The Casco Bay Island Transit District’s (CBITD) ferry terminal on the Maine State Pier was built in 1988 when Casco Bay Lines moved from its cramped location on Custom House Wharf. At that time, CBITD was serving a much smaller ridership; the waterfront was largely a working waterfront and the island populations were comprised of fishermen and mostly local residents. The major points of departure were Gates 1, 2, and 3 and the boats were between 65’ and 80’ in length.
Much changed between 1988 and 2011. By 2011, nearly one million people were using the ferry service each year, more than double the number the terminal was designed for in 1988. An additional 50,000 people flowed through the terminal each year, using the restrooms, visiting the Maine State Pier, and sightseeing along the waterfront. The amount of freight being handled by the ferries increased dramatically and vehicular traffic on the east side of the terminal was congested all summer long. Island visitors that used to come only for the summer were now visiting during the fall and winter weekends as well. During this timeframe, much of the fleet was updated. These new vessels had greater capacity in order to better handle the increased traffic. The longer vessels, ranging from 100’ to 110’ in length, had an impact on the increasingly crowded pier and, even with the addition of Gate 4, there was little room for the fleet to adequately berth.
In the fall of 2011, using a variety of funding sources CBITD embarked on an RFP selection process to obtain a design team to evaluate the existing facility and make recommendations for changes that would enhance both operations and passenger experience. The primary design team members selected were Scott Simons Architects; Fay, Spofford & Thorndike (now Stantec); and Woodard & Curran along with other sub-consultants to round out the effort. Their Phase I design included improvements to the car ferry berth, fender system rehabilitation and the addition of the new terminal waiting area and ticket office. Other opportunities for improvement were identified but not included in Phase I due to funding restrictions.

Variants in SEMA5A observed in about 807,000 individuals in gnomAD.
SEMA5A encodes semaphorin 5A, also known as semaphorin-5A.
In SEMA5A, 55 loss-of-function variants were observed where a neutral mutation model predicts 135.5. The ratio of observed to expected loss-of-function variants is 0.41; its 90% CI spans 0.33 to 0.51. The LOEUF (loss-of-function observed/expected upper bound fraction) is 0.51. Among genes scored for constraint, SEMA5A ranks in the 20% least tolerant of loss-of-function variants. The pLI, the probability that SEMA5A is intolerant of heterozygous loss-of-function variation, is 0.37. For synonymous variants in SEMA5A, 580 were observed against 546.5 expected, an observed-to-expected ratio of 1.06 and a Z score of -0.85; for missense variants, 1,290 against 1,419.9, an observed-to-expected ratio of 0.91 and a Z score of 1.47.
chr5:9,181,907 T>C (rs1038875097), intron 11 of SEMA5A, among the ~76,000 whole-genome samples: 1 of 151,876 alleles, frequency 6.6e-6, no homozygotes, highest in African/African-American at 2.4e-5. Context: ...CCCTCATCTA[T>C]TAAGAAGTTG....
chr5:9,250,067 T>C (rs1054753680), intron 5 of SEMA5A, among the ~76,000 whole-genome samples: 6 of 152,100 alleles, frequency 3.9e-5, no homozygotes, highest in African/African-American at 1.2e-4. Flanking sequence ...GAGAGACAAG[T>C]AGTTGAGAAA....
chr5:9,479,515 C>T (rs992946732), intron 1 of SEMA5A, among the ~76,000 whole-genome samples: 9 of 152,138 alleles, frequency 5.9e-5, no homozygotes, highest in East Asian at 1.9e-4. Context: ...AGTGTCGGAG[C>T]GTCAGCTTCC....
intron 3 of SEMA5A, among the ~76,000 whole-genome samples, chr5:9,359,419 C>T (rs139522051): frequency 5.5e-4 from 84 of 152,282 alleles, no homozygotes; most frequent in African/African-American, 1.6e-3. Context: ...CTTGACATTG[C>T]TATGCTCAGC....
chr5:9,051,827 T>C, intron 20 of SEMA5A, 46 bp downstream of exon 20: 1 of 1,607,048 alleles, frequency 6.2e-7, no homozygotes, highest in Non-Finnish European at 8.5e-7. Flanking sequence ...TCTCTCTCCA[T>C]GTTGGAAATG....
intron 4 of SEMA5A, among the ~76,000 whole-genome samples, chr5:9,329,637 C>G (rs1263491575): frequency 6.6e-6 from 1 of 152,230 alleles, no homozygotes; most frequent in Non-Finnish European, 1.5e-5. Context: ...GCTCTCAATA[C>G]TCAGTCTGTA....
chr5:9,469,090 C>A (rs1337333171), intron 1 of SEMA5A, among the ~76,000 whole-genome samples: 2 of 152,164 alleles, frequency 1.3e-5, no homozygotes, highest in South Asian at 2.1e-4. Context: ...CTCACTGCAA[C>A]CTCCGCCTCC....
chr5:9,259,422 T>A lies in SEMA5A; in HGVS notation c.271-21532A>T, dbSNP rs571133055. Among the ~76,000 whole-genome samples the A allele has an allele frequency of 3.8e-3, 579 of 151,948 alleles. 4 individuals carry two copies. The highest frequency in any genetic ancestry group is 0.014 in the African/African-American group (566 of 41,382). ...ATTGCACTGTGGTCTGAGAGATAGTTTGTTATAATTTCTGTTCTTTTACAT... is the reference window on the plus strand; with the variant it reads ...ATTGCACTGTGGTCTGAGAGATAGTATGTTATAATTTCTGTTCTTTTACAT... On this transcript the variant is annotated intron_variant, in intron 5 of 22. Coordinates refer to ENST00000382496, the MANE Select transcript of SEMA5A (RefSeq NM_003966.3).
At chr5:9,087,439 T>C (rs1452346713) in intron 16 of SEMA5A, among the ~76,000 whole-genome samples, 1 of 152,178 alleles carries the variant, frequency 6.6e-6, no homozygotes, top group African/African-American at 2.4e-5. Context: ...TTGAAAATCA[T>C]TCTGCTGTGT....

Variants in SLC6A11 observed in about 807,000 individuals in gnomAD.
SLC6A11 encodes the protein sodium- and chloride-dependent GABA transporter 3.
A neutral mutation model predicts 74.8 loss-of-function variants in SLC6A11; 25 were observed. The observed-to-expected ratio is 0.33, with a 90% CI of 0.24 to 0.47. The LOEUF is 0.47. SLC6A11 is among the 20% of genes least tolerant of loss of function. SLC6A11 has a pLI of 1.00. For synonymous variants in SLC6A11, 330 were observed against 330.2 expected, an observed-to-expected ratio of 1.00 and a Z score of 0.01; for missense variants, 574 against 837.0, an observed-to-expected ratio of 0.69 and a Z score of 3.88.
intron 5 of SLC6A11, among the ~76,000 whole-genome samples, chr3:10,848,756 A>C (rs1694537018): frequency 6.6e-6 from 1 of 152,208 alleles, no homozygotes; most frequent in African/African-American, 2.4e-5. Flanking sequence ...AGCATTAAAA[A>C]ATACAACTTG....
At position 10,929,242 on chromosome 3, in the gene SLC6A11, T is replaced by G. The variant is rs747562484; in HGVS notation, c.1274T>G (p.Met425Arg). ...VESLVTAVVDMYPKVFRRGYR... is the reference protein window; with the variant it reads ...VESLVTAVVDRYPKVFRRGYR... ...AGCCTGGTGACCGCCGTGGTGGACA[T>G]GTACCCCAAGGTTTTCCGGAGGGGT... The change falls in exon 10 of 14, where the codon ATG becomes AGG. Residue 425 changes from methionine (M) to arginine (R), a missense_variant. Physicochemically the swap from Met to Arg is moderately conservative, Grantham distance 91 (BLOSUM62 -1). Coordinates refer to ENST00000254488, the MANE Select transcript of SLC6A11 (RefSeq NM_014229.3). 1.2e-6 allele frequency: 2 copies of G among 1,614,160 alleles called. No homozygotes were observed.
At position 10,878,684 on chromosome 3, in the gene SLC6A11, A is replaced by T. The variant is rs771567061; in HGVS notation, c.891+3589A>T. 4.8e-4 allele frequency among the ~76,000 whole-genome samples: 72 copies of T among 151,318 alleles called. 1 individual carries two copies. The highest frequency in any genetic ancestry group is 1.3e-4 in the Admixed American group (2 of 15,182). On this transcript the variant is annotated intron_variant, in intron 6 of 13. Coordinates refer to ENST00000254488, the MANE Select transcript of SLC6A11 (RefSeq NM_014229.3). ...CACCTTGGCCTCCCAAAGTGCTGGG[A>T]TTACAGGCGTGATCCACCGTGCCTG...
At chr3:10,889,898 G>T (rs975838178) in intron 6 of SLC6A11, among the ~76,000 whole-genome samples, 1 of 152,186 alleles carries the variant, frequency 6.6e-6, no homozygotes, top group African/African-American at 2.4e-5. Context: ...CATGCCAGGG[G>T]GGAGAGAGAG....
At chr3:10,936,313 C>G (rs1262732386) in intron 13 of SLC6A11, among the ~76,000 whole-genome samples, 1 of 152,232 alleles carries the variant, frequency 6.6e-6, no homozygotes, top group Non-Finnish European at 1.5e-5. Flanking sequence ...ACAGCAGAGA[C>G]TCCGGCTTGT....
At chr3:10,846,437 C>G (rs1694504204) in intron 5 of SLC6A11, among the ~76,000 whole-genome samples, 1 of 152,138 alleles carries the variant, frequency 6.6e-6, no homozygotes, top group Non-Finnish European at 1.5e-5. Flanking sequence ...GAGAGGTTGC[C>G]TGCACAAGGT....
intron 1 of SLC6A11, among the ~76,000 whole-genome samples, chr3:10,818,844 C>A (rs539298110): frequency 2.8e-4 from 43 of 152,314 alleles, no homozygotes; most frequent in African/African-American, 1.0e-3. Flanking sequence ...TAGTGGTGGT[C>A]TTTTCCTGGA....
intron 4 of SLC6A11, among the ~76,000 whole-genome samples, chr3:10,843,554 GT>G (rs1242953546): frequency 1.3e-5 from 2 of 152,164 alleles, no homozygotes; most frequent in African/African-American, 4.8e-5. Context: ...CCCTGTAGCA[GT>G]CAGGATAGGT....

With support from U.S. Senator Susan Collins and U.S. Senator Angus King, Casco Bay Lines was able to secure the necessary funding to advance the Phase II work. Through an RFP process, Scott Simons Architects, Stantec and Woodard & Curran were again selected to lead the design effort. The design portion of Phase II is complete. Landry/French Construction has been selected as the construction manager for the project.
The Phase II works proposes to add a second floor over the existing administrative area, allowing many of the administrative activities to move up to open more space on the first floor to support operations and increased freight traffic. In addition to building expansion, the work will also re-condition much of the foundation system of the existing pier along with the potential to add length to the pier. This will allow for the realignment of some gates to better fit the current fleet and provide for additional berth space. The site will also be enhanced with changes to provide visitors with an improved experience as they arrive at the terminal, either on foot or in their vehicle. There is a proposed dedicated sidewalk through the center of the site to improve ease of access and separate freight operations from pedestrian access.
To further improve safety and manageability of the increasingly commingled passenger, freight and vehicle traffic, a third phase of terminal renovations is necessary to expand existing marine infrastructure and complete outstanding marine repairs.
With support from Senator Susan Collins, Senator King, Congresswoman Pingree, the State of Maine and partners in the region, Casco Bay Lines applied for funding through the FTA’s Passenger Ferry Program competitive grant for Phase III terminal renovations.
On August 8, 2019, the Acting Administrator of the Federal Transit Administration, announced a $3.4 million grant for Casco Bay Lines from the terminal in Portland.
Work on Phase III design is expected to begin in 2020 and will focus on improving embarkation and de-embarkation from several gates, increasing passenger and freight queuing areas, and allowing for the opportunity to explore side loading capability for the heavily used passenger/vehicle ferry and expand covered waiting areas.
Together, these improvements are designed to enhance the overall long-term operational capabilities of the terminal. They are, however, restricted in their ability to address all current and future challenges by both the size and location of the property itself. In order to continue accommodating increased ridership and freight while providing a positive experience, Casco Bay lines depends on our dedicated and hardworking staff, as well as the patience and cooperation of all of our customers.